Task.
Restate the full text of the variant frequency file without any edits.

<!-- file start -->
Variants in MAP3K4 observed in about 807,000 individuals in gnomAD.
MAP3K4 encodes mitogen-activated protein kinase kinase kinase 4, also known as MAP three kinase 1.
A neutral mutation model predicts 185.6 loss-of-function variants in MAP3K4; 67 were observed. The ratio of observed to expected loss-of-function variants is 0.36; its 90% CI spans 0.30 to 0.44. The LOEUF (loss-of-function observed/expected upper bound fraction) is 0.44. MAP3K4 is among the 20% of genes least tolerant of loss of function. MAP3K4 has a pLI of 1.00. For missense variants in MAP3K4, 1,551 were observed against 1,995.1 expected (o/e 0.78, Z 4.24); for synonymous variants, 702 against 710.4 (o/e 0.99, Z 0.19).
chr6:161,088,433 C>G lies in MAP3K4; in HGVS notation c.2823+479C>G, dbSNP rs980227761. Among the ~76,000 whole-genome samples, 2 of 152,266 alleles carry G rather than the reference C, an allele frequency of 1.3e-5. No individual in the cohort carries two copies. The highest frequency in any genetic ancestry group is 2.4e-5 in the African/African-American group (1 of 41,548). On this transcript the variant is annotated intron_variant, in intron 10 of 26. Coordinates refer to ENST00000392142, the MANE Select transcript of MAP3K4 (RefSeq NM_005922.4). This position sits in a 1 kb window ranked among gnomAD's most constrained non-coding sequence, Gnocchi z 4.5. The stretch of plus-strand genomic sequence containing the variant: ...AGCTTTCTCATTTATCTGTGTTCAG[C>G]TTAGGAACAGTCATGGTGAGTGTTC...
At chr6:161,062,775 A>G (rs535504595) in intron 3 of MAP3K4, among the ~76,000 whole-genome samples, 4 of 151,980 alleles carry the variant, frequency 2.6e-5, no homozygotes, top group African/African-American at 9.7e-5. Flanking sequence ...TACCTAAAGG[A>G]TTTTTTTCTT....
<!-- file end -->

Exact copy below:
Variants in MAP3K4 observed in about 807,000 individuals in gnomAD.
MAP3K4 encodes mitogen-activated protein kinase kinase kinase 4, also known as MAP three kinase 1.
A neutral mutation model predicts 185.6 loss-of-function variants in MAP3K4; 67 were observed. The ratio of observed to expected loss-of-function variants is 0.36; its 90% CI spans 0.30 to 0.44. The LOEUF (loss-of-function observed/expected upper bound fraction) is 0.44. MAP3K4 is among the 20% of genes least tolerant of loss of function. MAP3K4 has a pLI of 1.00. For missense variants in MAP3K4, 1,551 were observed against 1,995.1 expected (o/e 0.78, Z 4.24); for synonymous variants, 702 against 710.4 (o/e 0.99, Z 0.19).
chr6:161,088,433 C>G lies in MAP3K4; in HGVS notation c.2823+479C>G, dbSNP rs980227761. Among the ~76,000 whole-genome samples, 2 of 152,266 alleles carry G rather than the reference C, an allele frequency of 1.3e-5. No individual in the cohort carries two copies. The highest frequency in any genetic ancestry group is 2.4e-5 in the African/African-American group (1 of 41,548). On this transcript the variant is annotated intron_variant, in intron 10 of 26. Coordinates refer to ENST00000392142, the MANE Select transcript of MAP3K4 (RefSeq NM_005922.4). This position sits in a 1 kb window ranked among gnomAD's most constrained non-coding sequence, Gnocchi z 4.5. The stretch of plus-strand genomic sequence containing the variant: ...AGCTTTCTCATTTATCTGTGTTCAG[C>G]TTAGGAACAGTCATGGTGAGTGTTC...
At chr6:161,062,775 A>G (rs535504595) in intron 3 of MAP3K4, among the ~76,000 whole-genome samples, 4 of 151,980 alleles carry the variant, frequency 2.6e-5, no homozygotes, top group African/African-American at 9.7e-5. Flanking sequence ...TACCTAAAGG[A>G]TTTTTTTCTT....